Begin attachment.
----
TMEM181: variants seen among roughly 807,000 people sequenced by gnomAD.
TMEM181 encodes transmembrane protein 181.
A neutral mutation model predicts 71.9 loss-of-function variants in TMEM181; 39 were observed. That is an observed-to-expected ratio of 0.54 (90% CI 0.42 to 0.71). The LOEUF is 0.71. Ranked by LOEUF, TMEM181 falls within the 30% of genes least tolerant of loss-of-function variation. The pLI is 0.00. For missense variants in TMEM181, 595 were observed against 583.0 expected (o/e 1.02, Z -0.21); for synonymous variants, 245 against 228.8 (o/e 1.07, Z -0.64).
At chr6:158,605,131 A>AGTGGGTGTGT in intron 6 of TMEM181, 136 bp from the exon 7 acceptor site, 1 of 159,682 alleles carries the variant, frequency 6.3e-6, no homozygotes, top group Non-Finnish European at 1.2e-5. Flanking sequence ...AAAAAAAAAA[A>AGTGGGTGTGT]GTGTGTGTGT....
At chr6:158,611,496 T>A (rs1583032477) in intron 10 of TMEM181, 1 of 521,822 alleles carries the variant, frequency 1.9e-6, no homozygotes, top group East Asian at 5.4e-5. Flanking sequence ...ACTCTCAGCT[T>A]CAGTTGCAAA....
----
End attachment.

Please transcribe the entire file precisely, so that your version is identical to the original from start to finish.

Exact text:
TMEM181: variants seen among roughly 807,000 people sequenced by gnomAD.
TMEM181 encodes transmembrane protein 181.
A neutral mutation model predicts 71.9 loss-of-function variants in TMEM181; 39 were observed. That is an observed-to-expected ratio of 0.54 (90% CI 0.42 to 0.71). The LOEUF is 0.71. Ranked by LOEUF, TMEM181 falls within the 30% of genes least tolerant of loss-of-function variation. The pLI is 0.00. For missense variants in TMEM181, 595 were observed against 583.0 expected (o/e 1.02, Z -0.21); for synonymous variants, 245 against 228.8 (o/e 1.07, Z -0.64).
At chr6:158,605,131 A>AGTGGGTGTGT in intron 6 of TMEM181, 136 bp from the exon 7 acceptor site, 1 of 159,682 alleles carries the variant, frequency 6.3e-6, no homozygotes, top group Non-Finnish European at 1.2e-5. Flanking sequence ...AAAAAAAAAA[A>AGTGGGTGTGT]GTGTGTGTGT....
At chr6:158,611,496 T>A (rs1583032477) in intron 10 of TMEM181, 1 of 521,822 alleles carries the variant, frequency 1.9e-6, no homozygotes, top group East Asian at 5.4e-5. Flanking sequence ...ACTCTCAGCT[T>A]CAGTTGCAAA....